Family Law Act prohibits a spouse from selling a house where the subject property is considered a matrimonial home unless the other spouse has consented to the transaction. It is also possible that a power of attorney may be used by the spouse selling. The power of attorney itself needs to be reviewed to ensure that such authorization exists in the document.
Example 2: Conditions
Have you inserted the necessary conditions prior to the agreement becoming a binding agreement?
For example, just because a bank advisor once told you that you may be approved for a mortgage for $ 500,000 does not mean that you will be approved in this case and for this specific property.
Banks have a detailed process to ensure that the property they are providing the loan (security) for is actually worth what you say it is. In other words, if you have overpaid for the property, does not mean the bank will just accept the agreement as the actual price. They will conduct their own due diligence which may include obtaining a current appraisal on the property. You do not want to find yourself in such a situation. Therefore, it is advised that you consider negotiating a financing condition to allow your bank advisor or mortgage broker some time to have written confirmation from the bank that they will finance the property and will provide the amount that you will require to close the deal. However, in a hot market, the seller may not be willing to wait a long time for you to get your approval, if at all.
Needless to say, a home inspection condition is also often inserted to allow the buyer and his or her inspector be satisfied of the condition of the property.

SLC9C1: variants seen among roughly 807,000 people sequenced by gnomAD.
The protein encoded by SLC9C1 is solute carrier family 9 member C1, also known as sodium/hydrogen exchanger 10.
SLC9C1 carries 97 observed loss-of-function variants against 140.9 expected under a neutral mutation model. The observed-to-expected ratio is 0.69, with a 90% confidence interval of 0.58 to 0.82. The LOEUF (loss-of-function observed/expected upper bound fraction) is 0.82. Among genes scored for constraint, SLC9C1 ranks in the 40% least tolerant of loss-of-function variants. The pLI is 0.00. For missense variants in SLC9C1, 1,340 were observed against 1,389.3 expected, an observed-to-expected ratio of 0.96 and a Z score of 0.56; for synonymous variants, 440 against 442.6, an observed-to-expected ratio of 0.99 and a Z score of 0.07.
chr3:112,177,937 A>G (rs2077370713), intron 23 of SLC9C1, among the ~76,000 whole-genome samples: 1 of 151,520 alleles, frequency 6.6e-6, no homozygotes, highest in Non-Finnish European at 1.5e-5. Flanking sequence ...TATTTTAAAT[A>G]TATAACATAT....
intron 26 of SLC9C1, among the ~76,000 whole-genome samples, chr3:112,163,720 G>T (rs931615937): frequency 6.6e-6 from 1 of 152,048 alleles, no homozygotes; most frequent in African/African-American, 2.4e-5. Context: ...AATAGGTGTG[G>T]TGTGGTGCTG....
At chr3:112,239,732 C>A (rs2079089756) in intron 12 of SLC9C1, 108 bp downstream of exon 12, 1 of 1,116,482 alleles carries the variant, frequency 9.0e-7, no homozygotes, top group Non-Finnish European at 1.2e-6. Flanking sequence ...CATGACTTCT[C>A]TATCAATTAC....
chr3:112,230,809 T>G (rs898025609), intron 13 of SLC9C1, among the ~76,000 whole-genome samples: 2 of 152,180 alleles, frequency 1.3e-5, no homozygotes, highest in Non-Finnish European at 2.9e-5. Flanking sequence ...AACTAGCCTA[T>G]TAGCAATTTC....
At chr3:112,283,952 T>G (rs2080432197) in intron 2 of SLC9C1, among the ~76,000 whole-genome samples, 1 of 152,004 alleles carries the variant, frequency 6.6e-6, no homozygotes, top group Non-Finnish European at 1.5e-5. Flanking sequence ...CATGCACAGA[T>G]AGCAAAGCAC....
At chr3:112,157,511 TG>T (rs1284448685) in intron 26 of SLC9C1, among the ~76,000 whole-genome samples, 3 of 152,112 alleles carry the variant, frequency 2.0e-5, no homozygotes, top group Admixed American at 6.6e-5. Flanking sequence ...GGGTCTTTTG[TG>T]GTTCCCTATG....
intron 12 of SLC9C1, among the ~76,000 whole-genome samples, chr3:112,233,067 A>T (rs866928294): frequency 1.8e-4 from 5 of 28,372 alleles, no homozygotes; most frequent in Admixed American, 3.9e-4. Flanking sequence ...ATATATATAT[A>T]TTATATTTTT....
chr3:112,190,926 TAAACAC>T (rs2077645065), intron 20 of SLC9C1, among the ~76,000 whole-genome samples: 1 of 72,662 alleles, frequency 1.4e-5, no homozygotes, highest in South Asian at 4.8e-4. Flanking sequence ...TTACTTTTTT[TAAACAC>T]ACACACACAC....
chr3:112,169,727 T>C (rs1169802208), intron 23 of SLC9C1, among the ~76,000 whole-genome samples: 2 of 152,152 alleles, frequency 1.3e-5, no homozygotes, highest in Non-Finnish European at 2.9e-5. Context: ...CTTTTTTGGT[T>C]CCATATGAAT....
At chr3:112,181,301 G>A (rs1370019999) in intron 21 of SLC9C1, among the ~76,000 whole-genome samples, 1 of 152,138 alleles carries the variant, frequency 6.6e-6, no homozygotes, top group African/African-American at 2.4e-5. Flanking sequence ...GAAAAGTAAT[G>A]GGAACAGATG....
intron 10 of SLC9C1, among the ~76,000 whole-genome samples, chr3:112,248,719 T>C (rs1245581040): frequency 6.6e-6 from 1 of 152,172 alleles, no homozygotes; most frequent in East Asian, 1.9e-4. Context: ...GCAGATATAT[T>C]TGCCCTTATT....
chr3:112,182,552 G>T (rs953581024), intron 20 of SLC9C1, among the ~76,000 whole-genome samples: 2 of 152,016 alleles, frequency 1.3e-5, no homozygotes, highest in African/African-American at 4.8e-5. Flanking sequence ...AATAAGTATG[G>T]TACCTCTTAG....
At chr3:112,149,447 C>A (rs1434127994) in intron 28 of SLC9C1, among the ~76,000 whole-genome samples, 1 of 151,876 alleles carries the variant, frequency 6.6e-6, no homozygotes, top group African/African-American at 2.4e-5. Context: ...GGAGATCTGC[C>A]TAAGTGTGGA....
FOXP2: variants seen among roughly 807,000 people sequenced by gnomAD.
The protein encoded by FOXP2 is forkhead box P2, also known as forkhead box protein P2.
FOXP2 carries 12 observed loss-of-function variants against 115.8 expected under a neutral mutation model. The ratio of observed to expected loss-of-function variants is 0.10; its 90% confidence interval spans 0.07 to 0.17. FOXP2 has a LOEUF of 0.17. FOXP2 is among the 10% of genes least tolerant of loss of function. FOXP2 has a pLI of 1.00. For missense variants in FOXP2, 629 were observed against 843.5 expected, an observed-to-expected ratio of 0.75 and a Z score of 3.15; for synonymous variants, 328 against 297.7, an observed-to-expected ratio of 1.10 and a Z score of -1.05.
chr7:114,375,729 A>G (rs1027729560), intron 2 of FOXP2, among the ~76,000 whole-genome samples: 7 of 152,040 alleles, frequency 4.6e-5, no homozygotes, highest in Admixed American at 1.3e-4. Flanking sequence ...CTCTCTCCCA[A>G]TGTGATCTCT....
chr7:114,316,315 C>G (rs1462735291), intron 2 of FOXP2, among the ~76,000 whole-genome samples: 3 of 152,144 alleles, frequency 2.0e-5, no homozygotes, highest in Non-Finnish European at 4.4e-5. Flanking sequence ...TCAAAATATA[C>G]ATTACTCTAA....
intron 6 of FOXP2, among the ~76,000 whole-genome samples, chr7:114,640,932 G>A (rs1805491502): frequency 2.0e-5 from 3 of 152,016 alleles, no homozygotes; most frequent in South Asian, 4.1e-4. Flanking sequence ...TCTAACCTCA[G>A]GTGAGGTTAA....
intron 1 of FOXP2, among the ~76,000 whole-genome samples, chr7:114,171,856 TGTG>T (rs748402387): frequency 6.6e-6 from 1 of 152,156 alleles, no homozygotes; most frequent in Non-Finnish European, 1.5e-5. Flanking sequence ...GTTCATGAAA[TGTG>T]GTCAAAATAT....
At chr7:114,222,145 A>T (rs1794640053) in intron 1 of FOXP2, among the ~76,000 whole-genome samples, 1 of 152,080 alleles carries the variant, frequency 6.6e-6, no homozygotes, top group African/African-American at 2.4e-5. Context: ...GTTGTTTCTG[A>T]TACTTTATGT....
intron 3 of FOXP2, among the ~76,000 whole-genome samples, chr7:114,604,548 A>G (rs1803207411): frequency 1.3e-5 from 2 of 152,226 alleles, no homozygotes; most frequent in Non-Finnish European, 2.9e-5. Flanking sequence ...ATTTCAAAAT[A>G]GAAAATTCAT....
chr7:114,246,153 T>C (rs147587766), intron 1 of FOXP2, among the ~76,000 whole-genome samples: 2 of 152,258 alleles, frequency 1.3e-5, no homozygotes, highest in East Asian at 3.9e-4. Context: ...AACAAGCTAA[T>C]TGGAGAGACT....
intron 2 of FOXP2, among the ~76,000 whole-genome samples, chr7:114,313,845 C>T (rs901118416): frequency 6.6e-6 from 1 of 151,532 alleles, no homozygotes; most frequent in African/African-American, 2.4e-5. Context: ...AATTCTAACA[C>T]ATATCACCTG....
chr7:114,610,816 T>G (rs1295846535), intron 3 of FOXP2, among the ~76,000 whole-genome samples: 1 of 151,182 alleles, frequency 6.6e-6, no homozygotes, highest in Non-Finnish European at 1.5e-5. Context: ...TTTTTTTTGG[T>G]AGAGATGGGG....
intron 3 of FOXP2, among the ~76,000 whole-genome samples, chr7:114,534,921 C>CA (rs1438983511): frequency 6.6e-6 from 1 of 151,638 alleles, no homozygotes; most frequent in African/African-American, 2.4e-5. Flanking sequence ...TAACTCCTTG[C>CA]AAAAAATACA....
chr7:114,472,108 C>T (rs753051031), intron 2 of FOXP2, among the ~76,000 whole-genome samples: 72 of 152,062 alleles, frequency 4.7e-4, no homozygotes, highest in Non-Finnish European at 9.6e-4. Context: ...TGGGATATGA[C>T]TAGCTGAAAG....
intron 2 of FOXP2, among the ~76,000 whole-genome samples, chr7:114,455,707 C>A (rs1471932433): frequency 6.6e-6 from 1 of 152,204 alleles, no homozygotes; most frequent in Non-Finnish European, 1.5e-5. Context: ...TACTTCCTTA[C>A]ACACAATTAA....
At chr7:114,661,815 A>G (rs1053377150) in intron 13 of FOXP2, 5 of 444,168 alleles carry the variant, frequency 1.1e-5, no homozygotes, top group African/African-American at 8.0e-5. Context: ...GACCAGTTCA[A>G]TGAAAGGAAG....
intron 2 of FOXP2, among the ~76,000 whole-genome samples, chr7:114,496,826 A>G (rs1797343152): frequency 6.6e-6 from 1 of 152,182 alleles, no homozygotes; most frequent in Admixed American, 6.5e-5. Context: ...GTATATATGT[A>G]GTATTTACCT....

There are a variety of conditions that may be suitable depending on the nature of the property and the type of transaction.
Example 3: Which items stay with the property?
Are there specific items on the property that you think the seller will leave after closing? If so, it is best to put this in writing and best to describe in detail what the specific item is. Typically, unless the chattel (item of personal property) is specifically listed, it goes with the seller. Therefore, unless stated in the agreement, you may find yourself surprised when you move in.
This also applies to the sellers as items considered as fixtures typically stay with the property. If there was an item that the seller wishes to take which can be considered a fixture, it is best this is negotiated and specified in the agreement.
Example 4: Is the seller a non-resident? Or, is the buyer subject to the NRST tax?
I am often surprised at how little thought goes into the seller’s status as a non-resident. There may be a holdback required under s. 116 of the Income Tax Act if there is concern that the seller is not a resident of Canada. If such a situation exists, an involvement of an accountant is crucial at the outset as a clearance certificate from the CRA need to be obtained and to avoid surprises.
If the buyer is not a citizen or permanent resident, there may be non-resident speculation tax payable at the time of closing. Often, parties are not aware of this relatively recent requirement imposed which amounts to 15 per cent tax on purchase of a residential property. If not discovered until the last few weeks or after an offer is “binding”, it can become immensely difficult to complete a transaction and may result in loss of deposit.
Example 5: Title search date?
Does your lawyer have enough time to conduct the necessary searches on title? Without adequate time, or sometimes, no time, your interests may be jeopardized.
The above are just some general examples of why and when a review of the agreement may be required by a lawyer. Not only do we assist potential buyers and sellers, but we also often assist local Kitchener-Waterloo realtors with clarifying the rules and laws in order to property advise their clients. There are numerous situations that can be present in any given transaction and as a result, it is a good idea to have a lawyer review the agreement upfront to avoid unnecessary surprises.